Very often a mathematician considers his colleague from a different domain with disdain—what kind of a perverse joy can this guy find in his unmotivated and plainly boring subject? I’ve tried to learn the hidden beauty in various things, but still for many areas the source of interest is for me a complete mystery.
My theory is that too often people project their human weaknesses/properties onto their mathematical activity.
There are obvious examples on the surface: for instance, the idea of a classification of some objects is an incarnation of collector instincts, the search for maximal values is another form of greed, computability/decidability comes from the desire of a total control.
Fascination with iterations is similar to the hypnotism of rhythmic music. Of course, the classification of some kinds of objects could be very useful in the analysis of more complicated structures, or it could just be memorized in simple cases.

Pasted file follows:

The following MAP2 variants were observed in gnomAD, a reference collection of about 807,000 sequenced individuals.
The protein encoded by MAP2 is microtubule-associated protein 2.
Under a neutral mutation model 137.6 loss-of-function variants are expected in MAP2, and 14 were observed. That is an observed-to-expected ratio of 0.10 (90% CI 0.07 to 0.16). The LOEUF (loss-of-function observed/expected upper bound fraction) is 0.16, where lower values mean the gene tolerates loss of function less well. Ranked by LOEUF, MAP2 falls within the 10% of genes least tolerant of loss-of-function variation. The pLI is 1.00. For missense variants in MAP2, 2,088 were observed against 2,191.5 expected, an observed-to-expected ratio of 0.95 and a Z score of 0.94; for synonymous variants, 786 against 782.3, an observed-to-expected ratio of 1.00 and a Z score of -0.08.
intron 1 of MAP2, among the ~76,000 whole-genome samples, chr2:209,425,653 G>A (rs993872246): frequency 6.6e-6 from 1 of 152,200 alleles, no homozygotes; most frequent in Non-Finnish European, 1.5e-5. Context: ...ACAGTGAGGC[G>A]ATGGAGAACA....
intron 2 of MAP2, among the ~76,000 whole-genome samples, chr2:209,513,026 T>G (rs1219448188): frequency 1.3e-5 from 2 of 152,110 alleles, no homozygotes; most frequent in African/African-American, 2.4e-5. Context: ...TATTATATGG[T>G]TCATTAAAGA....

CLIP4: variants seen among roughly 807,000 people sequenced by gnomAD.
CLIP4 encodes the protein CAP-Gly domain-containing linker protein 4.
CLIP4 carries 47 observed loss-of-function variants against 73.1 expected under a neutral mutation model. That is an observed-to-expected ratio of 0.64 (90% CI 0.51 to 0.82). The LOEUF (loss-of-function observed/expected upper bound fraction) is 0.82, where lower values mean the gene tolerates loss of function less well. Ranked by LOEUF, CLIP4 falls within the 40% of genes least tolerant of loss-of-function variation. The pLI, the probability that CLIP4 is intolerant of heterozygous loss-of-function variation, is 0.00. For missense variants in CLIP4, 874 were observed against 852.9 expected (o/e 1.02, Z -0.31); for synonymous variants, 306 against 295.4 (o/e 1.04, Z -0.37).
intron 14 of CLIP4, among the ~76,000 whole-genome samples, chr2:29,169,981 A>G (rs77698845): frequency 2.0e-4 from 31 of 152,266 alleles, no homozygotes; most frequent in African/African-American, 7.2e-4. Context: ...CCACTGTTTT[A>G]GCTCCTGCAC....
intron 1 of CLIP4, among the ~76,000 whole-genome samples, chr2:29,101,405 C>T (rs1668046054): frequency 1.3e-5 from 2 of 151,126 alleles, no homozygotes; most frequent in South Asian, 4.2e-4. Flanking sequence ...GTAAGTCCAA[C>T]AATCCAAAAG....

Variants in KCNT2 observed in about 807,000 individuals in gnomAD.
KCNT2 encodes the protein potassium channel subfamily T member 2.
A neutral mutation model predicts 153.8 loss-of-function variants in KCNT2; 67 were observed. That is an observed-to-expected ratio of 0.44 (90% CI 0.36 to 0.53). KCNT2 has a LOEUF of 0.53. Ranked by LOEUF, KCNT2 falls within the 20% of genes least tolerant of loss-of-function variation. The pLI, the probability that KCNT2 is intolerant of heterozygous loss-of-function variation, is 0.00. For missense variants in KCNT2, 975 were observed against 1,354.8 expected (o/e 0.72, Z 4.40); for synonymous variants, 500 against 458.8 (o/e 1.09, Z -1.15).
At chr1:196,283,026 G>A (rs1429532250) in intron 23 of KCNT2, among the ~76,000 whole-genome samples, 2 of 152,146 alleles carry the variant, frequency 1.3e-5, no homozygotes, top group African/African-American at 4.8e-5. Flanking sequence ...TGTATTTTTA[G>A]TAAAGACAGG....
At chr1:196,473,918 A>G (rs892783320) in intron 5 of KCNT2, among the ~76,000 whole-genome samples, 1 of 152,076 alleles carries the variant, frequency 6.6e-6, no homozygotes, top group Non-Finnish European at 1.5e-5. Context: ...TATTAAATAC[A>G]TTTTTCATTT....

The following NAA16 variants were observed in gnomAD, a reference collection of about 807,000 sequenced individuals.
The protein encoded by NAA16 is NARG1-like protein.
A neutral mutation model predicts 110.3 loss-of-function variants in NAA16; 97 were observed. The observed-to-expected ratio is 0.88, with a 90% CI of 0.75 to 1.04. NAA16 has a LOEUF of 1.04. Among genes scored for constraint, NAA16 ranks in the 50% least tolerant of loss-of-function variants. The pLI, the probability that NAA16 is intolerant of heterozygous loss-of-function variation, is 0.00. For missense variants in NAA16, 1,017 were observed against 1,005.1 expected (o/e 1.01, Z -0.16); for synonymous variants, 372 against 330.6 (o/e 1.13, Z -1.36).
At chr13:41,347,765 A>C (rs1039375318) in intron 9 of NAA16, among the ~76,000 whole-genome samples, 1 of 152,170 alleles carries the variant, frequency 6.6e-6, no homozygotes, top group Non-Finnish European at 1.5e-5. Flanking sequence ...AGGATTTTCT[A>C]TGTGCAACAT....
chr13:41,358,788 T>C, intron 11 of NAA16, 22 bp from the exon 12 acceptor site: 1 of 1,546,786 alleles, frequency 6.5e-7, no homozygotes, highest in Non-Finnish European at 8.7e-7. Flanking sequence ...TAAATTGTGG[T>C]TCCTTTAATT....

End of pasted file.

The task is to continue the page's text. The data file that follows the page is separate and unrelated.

The knowledge of the exact maximum or an upper bound of some quantity depending on parameters gives an idea about the range of its possible values. A theoretical computability can be in fact practical for computer experiments.
Still, for me the motivation is mostly the desire to understand the hidden machinery in a striking concrete example, around which one can build formalisms.
If one tries to go further towards the “dehumanization”of mathematics, a natural next step would be to consider the real numbers (which emanate from the basic properties of the physical world) as just another complicated non-algebraically closed field. In some sense it is true; the complex numbers are much more beautiful.
But in another sense the real numbers are truly fundamental as they incarnate the idea of a bound, of a control of abstract algebraic structures. In a deep sense we are all geometers.